Sometimes I run twice a day. And you know what? That second run of the day is usually easier (mentally AND physically) than the first. Say whatttt? Before you count me out as crazy, listen to my reasoning.
I do well with higher mileage (50+ mpw), but sometimes that can be tough to reach through singles (once a day runs). I usually only have an hour to run before work (7-8 miles) and since I’m not marathon training, my long runs are usually maxing at out 13-14 miles (vs. 20-22).
With the Philly half less than a month away, I’ve ramped my mileage up these last few weeks. One thing that’s helped me do that is twice-a-day runs. I don’t do it everyday, but I find them particularly helpful on workout days or days when I need to “run errands” after work.
What’s the point of running twice a day, you ask? Well, like I mentioned before, it helps you increase mileage while also adding in some extra recovery time. If you run 6 miles in the a.m. and 4 miles in the p.m., you’re still running 10 miles, but your legs have some down time in the middle. Personally, I think the best part of higher mileage (and doubles) is that it improves running economy. Running economy means you can run faster and longer while using less energy. i.e. running feels easier. And who doesn’t want that?
However, you’ve gotta be realistic. Are you injury prone? Have you recently taken time off from running? Do you usually run less than 40 miles per week? If the answer to those questions is “YES”, doubles probably aren’t such a hot idea. And that’s okay! Sometimes quality >> quantity. But if you’ve got the itch to get sweaty more than once a day, here are my tips:
- 1) Start with 1-2 doubles a week. And keep those secondary runs to 20-30 minutes. I really like running an easy 2-3 mile “shake out” run the morning before a tempo or track workout. It puts me in a good mindset for the rest of the day and loosens up my legs.
- 2) Allow at least 5 (preferably more) hours between runs. For example, if you run at 7am, it’s fine to run a few easy miles during your lunch break, but if you can wait until after work – even better!
- 3) Don’t run two hard workouts in the same day (duh) and don’t run a double the same day as your long run. Post long run, focus on stretching, refueling, and napping. You’ve worked hard, don’t over do it.
- 4) For weekend long runs, it’s better to do the miles all in one shot. If you’ve got a 14 miler planned, running 7 miles in the a.m. and 7 miles in the p.m. is not the same thing. You need to train yourself to be on your feet for hours at a time – you won’t have an 8 hour break during the actual half-marathon or marathon race!
Want to read more? Check out this Running Times article on doubles.
One of the side effects of doubles? I’m extra hungry! On Wednesday, the man-friend and I headed to one of my favorite places in NYC for a mid-week treat. The Frying Pan is an actual ship that’s docked in the Hudson River. During the warm weather months, an on-board bar and grill serves up beer, burgers, sandwiches, and a great sunset view. We ordered a pitcher of Sam Adams to split and I chowed down on a house-made veggie burger with avocado and lots of ketchup.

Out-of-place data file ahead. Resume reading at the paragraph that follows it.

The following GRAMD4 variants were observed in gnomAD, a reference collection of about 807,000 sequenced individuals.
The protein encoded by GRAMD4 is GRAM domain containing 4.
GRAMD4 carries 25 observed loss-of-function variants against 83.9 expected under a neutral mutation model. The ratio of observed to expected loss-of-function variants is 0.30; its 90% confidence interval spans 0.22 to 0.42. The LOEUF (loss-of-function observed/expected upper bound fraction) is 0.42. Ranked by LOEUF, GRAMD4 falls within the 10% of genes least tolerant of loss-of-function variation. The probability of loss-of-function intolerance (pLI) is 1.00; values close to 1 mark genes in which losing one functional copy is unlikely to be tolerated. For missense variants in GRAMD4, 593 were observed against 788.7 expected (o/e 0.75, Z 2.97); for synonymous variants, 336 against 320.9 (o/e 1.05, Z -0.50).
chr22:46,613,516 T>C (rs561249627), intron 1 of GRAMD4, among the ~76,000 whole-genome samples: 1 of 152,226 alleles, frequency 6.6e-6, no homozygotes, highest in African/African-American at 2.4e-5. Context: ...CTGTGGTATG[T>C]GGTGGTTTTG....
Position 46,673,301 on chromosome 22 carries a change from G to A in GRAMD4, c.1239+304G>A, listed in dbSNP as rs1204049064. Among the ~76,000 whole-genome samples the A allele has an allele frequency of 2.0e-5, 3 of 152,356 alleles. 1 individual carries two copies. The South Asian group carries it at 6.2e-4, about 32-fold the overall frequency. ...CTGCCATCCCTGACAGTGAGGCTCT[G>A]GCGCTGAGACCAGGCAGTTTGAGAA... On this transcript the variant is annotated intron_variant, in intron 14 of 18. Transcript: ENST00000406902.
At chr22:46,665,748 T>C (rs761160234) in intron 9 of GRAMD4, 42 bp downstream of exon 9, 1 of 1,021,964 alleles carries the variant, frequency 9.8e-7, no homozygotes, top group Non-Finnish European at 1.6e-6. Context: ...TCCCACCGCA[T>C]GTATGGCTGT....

Until Thursday, I had to make dinners that didn’t require any sort of heat. My microwave and toaster are in storage in PA and the gas stove/burners in my new apartment weren’t set up yet. It was a challenge, but with all my fresh produce I was able to whip up some no-cook dinners.
Monday – Gazpacho. No real recipe for this. I just chopped up 2 tomatoes, 1 cucumber, 1 red bell pepper, 1/2 onion, and 1 clove of garlic and processed in the blender (in two batches, so it didn’t overflow). Then I added salt, pepper, some hot sauce, and generous drizzle of olive oil. I reserved some cucumber and tomato slices to add in to the finished gazpacho. It’s a nice way to vary the texture. Top with goat cheese or feta!
Tuesday – Tuna Salad. Super simple to make. I mixed a can of Wild Planet Foods albacore tuna (soo much better than bumblebee/chicken of the sea!) with a little mayo and mustard. Then, I scooped it on top of salad greens, raw green beans, and goat cheese. I ate toast with tomato, mayo, and fancy sea salt on the side. Yes, I admit. I love mayonnaise.
Thursday – Corn, Walnut, and Feta Salad (adapted from Real Simple). I followed the Real Simple recipe to a T, but then added a chopped carrot and some sauteed chard and garlic to bulk it up a bit. Perfect, portable lunch!
Friday – Baba Ganoush (a David Lebovitz recipe).
This recipe was fairly labor intensive – it called for charring the eggplants over the gas burners before roasting them. If someone walked into my kitchen and saw this, I’m sure they would have called the fire department (yup, those gas burners are on!). But it was worth it for a nice smokey flavor.
Once the eggplant was charred on the outside, I roasted it until tender (30 minutes at 400 F). Then proceeded with the recipe – which basically just involved peeling the eggplant and combining it with the other ingredients in a blender.
Pita chips, are you ready for this?
What’s your favorite no-cook recipe? It might come in handy if Hurricane Irene shuts off the power…